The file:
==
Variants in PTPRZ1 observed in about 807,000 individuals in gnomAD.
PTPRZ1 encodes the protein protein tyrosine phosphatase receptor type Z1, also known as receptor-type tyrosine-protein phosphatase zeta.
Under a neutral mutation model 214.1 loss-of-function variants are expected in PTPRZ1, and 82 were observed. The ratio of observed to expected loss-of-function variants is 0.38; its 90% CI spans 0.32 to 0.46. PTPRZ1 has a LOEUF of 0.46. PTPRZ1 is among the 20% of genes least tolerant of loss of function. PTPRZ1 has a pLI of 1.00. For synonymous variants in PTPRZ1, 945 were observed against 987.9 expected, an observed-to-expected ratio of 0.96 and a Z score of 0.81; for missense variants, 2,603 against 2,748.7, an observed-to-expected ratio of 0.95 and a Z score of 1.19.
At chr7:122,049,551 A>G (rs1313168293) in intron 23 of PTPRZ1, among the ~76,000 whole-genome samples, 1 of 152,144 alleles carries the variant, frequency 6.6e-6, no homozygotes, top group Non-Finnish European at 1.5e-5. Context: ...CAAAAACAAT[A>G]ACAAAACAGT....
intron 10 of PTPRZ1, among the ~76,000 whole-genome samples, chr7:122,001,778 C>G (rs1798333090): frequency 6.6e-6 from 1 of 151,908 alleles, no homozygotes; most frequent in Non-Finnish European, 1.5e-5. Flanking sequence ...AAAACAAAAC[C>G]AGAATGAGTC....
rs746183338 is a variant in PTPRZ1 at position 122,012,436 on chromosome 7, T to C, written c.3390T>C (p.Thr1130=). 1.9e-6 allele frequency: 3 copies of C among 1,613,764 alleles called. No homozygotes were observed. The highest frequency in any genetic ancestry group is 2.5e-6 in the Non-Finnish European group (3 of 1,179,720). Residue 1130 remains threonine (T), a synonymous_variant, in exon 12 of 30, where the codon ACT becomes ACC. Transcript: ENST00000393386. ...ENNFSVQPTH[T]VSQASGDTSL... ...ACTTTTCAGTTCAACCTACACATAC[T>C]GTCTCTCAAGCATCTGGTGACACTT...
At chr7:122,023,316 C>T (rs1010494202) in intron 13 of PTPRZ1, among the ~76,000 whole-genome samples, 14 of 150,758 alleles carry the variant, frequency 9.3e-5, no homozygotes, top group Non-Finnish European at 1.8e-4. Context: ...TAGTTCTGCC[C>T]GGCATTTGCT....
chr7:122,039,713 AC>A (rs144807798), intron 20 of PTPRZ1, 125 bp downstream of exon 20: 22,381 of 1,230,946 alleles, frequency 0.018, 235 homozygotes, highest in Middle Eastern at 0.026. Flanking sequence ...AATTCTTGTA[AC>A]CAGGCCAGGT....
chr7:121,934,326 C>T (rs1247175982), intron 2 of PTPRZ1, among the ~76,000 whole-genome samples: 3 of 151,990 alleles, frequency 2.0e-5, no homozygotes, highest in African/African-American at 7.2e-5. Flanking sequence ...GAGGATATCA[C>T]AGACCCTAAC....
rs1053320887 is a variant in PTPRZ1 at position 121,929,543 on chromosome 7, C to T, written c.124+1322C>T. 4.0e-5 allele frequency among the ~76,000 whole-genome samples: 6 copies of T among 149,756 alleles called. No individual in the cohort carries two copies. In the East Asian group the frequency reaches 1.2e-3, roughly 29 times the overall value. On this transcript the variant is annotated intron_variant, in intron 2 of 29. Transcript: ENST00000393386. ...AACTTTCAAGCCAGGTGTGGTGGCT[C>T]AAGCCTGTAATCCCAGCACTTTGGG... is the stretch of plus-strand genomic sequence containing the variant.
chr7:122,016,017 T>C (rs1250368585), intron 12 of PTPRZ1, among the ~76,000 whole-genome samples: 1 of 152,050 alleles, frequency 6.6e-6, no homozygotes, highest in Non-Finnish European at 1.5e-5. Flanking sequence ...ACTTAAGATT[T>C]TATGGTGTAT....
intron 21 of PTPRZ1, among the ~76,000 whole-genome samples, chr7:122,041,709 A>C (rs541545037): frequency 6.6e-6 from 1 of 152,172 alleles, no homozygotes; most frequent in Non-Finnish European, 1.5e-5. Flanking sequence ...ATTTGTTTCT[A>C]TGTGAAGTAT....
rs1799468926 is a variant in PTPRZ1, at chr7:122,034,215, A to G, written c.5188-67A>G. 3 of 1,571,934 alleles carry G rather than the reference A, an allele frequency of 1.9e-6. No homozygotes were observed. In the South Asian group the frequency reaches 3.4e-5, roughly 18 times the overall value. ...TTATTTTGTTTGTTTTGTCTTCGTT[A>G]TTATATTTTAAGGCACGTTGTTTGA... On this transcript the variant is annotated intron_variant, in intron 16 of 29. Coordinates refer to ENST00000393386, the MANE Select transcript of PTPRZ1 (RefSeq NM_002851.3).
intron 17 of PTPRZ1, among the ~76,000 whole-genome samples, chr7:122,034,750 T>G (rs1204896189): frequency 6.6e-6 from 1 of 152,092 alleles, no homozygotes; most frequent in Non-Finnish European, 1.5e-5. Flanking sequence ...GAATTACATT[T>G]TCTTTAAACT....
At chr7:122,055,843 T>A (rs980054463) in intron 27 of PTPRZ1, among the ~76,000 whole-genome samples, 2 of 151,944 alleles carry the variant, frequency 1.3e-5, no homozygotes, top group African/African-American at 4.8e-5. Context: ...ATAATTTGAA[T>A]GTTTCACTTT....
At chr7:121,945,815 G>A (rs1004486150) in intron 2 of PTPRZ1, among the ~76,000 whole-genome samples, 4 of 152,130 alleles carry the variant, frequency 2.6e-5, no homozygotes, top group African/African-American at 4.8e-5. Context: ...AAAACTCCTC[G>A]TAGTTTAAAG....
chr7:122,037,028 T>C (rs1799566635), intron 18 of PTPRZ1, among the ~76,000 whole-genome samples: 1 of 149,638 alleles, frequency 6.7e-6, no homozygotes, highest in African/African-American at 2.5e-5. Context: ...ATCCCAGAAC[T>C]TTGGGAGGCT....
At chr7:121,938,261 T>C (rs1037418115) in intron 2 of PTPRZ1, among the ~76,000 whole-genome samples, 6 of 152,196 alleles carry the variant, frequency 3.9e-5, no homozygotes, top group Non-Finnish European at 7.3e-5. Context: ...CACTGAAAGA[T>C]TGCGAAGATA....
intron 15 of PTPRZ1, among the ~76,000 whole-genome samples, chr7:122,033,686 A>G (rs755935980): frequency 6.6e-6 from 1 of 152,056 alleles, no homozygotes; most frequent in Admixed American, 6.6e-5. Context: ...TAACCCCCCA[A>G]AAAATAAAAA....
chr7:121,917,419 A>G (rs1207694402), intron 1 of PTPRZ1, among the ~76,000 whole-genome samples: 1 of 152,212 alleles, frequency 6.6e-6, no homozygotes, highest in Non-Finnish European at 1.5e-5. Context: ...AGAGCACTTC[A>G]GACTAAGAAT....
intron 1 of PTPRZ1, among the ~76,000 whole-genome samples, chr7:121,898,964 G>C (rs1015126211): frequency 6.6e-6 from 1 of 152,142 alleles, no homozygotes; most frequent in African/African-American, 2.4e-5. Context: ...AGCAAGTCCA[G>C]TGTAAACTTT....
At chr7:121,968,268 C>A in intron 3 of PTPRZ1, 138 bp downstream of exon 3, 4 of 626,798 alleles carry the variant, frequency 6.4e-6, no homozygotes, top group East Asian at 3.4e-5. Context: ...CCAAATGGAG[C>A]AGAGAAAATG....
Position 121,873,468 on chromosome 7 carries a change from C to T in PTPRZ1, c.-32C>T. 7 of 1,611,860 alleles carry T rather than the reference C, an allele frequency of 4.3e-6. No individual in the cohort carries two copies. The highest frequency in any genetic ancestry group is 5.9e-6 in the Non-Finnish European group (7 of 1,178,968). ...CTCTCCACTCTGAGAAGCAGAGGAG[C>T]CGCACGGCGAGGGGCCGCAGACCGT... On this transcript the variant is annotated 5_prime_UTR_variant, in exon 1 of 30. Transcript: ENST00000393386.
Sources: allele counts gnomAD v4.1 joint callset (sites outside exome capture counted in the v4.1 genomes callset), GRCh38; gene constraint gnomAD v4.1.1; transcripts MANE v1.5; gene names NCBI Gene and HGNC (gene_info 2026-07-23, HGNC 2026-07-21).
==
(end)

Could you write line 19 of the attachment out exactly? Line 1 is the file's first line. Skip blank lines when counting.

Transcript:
intron 15 of PTPRZ1, among the ~76,000 whole-genome samples, chr7:122,033,686 A>G (rs755935980): frequency 6.6e-6 from 1 of 152,056 alleles, no homozygotes; most frequent in Admixed American, 6.6e-5. Context: ...TAACCCCCCA[A>G]AAAATAAAAA....